Building an emergency fund is the first step to financial stability, and financial stability feels goooood. Real good. The idea looks different to everyone (some people want a million dollars, others only want a thousand), but the basis is the same.
Money has a way of making us feel safe. A well funded emergency fund is the down comforter that helps you sleep at night. It’s the extra padding that affords blowing your monthly brunch budget or suddenly needing 4 new tires.
I remember being a kid and becoming frugal out of fear. I was afraid I’d wake up one day and desperately need those $2 I spent at Taco Bell. Or my family would be just $2 short on the power bill and I could’ve protected them with that little safety net.
It sounds crazy now and is a valid anecdote for my irrational anxiety, but it was a good start!
As soon as I could set some money aside, I did, and for the last 7 years I’ve had the “safety” of an emergency fund giving me invaluable peace of mind.
3 steps to start your emergency fund right now
open a separate, high-yield savings account
You can open an account with your current bank, but if they don’t offer high-yield accounts it is totally worth it to open with an outsider. No matter what, it’s best to be separated from your typical checking account. Moving your savings into a separate account is key for 2 reasons.
- it’s less accessible when it isn’t a running balance in your checking account.
- your money can make money in a legitimate savings account.
Added bonus, It’s crazy easy to integrate with your primary checking so you can still see everything all in the same place you usually log into. I’m so glad we live in these times.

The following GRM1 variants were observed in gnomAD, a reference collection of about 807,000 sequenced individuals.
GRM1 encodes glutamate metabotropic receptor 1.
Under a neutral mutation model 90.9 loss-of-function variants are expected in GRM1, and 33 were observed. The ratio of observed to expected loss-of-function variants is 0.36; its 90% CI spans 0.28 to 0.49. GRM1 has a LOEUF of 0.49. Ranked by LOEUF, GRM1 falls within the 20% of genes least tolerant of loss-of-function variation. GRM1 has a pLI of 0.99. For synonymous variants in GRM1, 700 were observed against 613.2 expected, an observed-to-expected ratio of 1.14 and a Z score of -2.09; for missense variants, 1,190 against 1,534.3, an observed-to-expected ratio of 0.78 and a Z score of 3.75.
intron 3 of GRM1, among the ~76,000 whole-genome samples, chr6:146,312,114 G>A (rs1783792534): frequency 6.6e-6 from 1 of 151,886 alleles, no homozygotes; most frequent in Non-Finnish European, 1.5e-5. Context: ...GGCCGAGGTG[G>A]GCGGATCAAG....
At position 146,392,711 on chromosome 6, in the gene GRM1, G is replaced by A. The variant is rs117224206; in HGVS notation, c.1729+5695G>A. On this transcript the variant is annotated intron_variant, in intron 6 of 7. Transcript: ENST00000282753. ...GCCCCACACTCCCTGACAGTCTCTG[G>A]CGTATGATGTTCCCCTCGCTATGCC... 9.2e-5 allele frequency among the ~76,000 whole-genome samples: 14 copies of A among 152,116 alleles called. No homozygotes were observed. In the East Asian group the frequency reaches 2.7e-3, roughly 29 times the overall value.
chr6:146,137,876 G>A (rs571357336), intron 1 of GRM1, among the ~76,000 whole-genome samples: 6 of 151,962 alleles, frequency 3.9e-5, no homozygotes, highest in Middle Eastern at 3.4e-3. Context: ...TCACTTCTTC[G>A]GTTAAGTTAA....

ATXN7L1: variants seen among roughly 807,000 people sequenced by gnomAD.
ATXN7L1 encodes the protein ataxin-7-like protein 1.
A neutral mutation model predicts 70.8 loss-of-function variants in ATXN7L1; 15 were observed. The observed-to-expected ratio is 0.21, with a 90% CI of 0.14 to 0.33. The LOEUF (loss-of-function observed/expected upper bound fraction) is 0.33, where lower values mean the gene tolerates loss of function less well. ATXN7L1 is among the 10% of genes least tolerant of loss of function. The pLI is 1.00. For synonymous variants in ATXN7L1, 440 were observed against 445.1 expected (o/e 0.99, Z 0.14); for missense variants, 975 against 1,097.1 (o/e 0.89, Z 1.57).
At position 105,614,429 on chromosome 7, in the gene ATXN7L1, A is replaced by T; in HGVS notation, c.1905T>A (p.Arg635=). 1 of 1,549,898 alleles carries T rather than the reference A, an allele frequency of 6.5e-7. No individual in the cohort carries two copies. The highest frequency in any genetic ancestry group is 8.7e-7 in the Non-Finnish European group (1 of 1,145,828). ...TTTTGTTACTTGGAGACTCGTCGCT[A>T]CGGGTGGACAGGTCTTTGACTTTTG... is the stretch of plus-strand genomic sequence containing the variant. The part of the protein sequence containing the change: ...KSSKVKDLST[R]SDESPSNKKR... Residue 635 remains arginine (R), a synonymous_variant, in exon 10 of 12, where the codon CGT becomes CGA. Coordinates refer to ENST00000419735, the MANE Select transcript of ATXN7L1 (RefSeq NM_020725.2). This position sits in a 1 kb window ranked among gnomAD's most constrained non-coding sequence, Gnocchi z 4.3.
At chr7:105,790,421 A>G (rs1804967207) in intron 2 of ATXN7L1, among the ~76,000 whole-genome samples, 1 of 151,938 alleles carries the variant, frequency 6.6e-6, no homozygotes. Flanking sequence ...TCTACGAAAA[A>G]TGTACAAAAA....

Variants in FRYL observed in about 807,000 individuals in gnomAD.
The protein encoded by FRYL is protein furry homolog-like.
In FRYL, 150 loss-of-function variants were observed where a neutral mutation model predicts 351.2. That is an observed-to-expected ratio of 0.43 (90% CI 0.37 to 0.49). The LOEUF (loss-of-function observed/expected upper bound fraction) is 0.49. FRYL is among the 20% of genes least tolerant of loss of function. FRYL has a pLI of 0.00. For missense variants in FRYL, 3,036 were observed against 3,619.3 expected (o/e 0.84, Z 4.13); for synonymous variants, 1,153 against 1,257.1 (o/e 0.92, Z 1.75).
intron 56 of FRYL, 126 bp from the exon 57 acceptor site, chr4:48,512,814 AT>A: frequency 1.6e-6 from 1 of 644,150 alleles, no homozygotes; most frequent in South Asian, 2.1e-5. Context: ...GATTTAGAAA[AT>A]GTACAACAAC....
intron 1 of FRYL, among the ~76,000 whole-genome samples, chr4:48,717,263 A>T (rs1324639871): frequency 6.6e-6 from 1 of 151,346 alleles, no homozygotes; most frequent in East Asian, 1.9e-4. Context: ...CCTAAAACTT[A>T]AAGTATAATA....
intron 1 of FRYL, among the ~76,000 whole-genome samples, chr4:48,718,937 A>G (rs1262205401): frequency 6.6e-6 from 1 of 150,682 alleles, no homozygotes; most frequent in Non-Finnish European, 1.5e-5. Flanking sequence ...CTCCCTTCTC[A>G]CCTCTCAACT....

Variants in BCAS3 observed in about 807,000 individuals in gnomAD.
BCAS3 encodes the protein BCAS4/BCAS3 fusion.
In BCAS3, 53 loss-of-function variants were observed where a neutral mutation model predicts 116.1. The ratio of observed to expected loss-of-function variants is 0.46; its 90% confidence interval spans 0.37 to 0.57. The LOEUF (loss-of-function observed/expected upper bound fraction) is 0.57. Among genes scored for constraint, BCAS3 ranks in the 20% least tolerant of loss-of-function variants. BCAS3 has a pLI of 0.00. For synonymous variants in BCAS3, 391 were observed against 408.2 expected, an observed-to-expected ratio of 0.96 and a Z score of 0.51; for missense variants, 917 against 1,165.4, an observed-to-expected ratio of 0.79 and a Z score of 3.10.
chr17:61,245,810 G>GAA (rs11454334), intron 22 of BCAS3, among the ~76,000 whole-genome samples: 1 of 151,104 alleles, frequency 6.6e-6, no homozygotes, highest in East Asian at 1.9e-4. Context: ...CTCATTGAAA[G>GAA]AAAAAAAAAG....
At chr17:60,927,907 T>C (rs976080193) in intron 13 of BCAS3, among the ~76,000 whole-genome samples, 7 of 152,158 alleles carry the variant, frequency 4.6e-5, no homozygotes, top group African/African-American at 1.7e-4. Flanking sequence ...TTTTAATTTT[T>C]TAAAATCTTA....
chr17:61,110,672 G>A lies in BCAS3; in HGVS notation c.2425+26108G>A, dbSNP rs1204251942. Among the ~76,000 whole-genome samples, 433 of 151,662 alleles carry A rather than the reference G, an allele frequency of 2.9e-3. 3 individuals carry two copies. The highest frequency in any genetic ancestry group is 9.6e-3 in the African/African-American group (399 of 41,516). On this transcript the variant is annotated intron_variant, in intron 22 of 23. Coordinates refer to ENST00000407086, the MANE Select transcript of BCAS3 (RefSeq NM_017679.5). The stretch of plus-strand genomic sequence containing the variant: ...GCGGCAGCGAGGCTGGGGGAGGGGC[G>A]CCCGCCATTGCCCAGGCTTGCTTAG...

The era of online banking is here, meaning you can open an account in less than 5 minutes with $0. Personally, I use Ally bank and highly recommend them. They are always accessible via phone and I’ve never had a bad experience. Period.
AND there are no fees, which I only tell you because if you’re being charged to save you need a new bank.
If I wasn’t happy with Ally, my next runner up is Marcus. They actually have a higher rate than Ally right now, but the rates vary with the Fed Funds rate/economy. Regardless they also go the no fees, $0 initial deposit route so you can open it and take care of the rest later.
You can shop for more here but keep in mind, not all of them have no fees.
figure out how much you can save
Find out how much you can set aside each month after all of your necessary expenses (rent, utilities, gas, groceries) and prioritize spending on your savings account for a little while. The more you save, the sooner your emergency fund will be flush.
It can be $25 a month, which you probably won’t even notice. However, I kinda love pushing it as far as I can because no pain, no gain right? The more little luxuries you can sacrifice, the faster your fund will grow.
But no one expects you to just guess how much you can save. This is a perfect excuse to build out your budget and make it a monthly habit. My money method doesn’t deal with estimates and expectations, just the past facts and makes financial planning much more manageable for those of us who are way too busy to write down every penny we spend.